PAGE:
The Supply Chain Triangle

Get the balance right between service, cost and cash

Over the past decade, supply chain management has matured from a relatively unknown concept into a fully fledged discipline. Nowadays, the supply chain triangle should be an integral part of an organization’s strategy, since a successful balance benefits the overall business goals.

In his book titled ‘Supply Chain Strategy and Financial Metrics. The Supply Chain Triangle of Service, Cost and Cash’, Prof. dr. Bram uses financial metrics to provide insights into how supply chain, strategy and finance are interlinked. Via his supply chain triangle concept, in which service, cost and cash form the three sides, Bram succeeds in capturing the balancing act companies are faced with today – the challenge of providing extra services to customers without excessively increasing cost and cash, for example, or making a strategic decision to not serve all customers equally.


Step by step and using clear practical examples, Bram’s book explains how to optimize the three sides of the triangle. Many organizations still have a functional focus: Sales is primarily focused on service, Operations delves into cost and Finance concerns itself with the capital employed. According to Bram, the key to success lies in better managing the big picture based on the Return On Capital Employed (ROCE).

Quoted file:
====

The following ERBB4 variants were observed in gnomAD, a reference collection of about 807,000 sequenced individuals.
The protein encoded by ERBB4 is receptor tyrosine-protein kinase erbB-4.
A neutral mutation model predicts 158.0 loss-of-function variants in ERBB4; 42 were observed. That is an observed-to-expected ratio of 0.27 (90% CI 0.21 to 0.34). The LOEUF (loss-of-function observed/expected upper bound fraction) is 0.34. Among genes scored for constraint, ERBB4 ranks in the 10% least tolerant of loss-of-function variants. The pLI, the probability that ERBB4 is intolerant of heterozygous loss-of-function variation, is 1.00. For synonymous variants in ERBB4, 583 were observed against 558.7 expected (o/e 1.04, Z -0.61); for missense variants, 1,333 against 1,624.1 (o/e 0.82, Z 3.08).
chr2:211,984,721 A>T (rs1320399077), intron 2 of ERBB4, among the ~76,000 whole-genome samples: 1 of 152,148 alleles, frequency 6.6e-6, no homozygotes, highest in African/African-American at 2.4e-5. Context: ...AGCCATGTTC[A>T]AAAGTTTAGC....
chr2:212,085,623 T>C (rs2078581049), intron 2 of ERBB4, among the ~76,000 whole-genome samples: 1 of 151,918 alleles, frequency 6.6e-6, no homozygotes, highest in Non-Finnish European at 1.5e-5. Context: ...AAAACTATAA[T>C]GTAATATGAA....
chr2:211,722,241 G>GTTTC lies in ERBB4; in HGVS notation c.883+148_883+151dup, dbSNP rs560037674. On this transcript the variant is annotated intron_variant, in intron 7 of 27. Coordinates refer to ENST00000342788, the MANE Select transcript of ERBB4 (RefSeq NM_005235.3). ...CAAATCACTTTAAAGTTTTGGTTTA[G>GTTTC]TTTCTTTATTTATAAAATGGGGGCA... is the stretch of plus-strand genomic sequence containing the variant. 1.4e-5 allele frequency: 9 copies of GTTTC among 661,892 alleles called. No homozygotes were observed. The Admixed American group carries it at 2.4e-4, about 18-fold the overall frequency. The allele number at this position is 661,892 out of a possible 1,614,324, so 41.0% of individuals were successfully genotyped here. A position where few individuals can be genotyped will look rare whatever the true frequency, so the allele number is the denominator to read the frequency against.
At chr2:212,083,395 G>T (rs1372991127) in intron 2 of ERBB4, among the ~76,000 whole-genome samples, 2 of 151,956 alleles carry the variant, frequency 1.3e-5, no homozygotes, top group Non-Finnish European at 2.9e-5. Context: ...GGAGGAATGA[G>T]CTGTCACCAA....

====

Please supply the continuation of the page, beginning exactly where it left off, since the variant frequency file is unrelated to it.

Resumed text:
The book also introduces you to the strategic model by Treacy & Wiersema, who conducted research into what drives success. According to them, it’s clear that companies who consistently outperform their competitors have chosen to focus on one of three defined leadership values: product leadership, customer intimacy or operational excellence (focusing on low costs). Furthermore, market leaders are extremely disciplined in executing the strategy of their choice. Besides that, the book draws on the strategic model by Crawford & Matthews which takes five value drivers into consideration: price, access, service, product and experience.


Throughout his book, Bram alternates the theory with practical examples. For instance, he takes you on a benchmarking journey, with concrete, real-life cases from the likes of Barco and Casio. He also provides you with guidance for building a KPI dashboard based around the supply chain triangle and for implementing strategy-driven supply chain management in your own organization.

With his supply chain triangle concept and this book explaining that concept based on a mix of theoretical models and case studies, Bram has laid the foundation for an evolution in strategic thinking related to business and supply chain management.

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